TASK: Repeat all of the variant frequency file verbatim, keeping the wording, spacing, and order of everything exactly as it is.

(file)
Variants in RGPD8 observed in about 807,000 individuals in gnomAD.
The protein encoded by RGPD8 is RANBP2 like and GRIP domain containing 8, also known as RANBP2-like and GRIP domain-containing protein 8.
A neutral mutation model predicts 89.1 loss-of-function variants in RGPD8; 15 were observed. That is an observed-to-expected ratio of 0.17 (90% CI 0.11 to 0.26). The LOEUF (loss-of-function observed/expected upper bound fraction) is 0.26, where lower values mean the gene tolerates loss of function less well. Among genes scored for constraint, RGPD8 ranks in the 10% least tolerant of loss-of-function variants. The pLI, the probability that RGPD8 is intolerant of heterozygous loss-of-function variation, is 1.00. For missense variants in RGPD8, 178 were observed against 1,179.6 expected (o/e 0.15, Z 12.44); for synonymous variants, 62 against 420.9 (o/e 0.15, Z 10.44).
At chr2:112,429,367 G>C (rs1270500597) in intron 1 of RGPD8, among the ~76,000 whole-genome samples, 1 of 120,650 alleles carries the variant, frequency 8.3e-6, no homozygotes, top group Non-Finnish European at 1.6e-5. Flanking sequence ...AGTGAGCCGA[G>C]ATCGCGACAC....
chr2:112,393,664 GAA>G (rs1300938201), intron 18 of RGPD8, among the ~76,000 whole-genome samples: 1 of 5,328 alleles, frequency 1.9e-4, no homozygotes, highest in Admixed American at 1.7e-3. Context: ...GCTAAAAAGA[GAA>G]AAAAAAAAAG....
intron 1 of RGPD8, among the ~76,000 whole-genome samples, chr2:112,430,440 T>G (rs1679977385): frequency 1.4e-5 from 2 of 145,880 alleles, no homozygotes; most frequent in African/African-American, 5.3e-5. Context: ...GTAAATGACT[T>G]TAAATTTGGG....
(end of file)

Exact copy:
Variants in RGPD8 observed in about 807,000 individuals in gnomAD.
The protein encoded by RGPD8 is RANBP2 like and GRIP domain containing 8, also known as RANBP2-like and GRIP domain-containing protein 8.
A neutral mutation model predicts 89.1 loss-of-function variants in RGPD8; 15 were observed. That is an observed-to-expected ratio of 0.17 (90% CI 0.11 to 0.26). The LOEUF (loss-of-function observed/expected upper bound fraction) is 0.26, where lower values mean the gene tolerates loss of function less well. Among genes scored for constraint, RGPD8 ranks in the 10% least tolerant of loss-of-function variants. The pLI, the probability that RGPD8 is intolerant of heterozygous loss-of-function variation, is 1.00. For missense variants in RGPD8, 178 were observed against 1,179.6 expected (o/e 0.15, Z 12.44); for synonymous variants, 62 against 420.9 (o/e 0.15, Z 10.44).
At chr2:112,429,367 G>C (rs1270500597) in intron 1 of RGPD8, among the ~76,000 whole-genome samples, 1 of 120,650 alleles carries the variant, frequency 8.3e-6, no homozygotes, top group Non-Finnish European at 1.6e-5. Flanking sequence ...AGTGAGCCGA[G>C]ATCGCGACAC....
chr2:112,393,664 GAA>G (rs1300938201), intron 18 of RGPD8, among the ~76,000 whole-genome samples: 1 of 5,328 alleles, frequency 1.9e-4, no homozygotes, highest in Admixed American at 1.7e-3. Context: ...GCTAAAAAGA[GAA>G]AAAAAAAAAG....
intron 1 of RGPD8, among the ~76,000 whole-genome samples, chr2:112,430,440 T>G (rs1679977385): frequency 1.4e-5 from 2 of 145,880 alleles, no homozygotes; most frequent in African/African-American, 5.3e-5. Context: ...GTAAATGACT[T>G]TAAATTTGGG....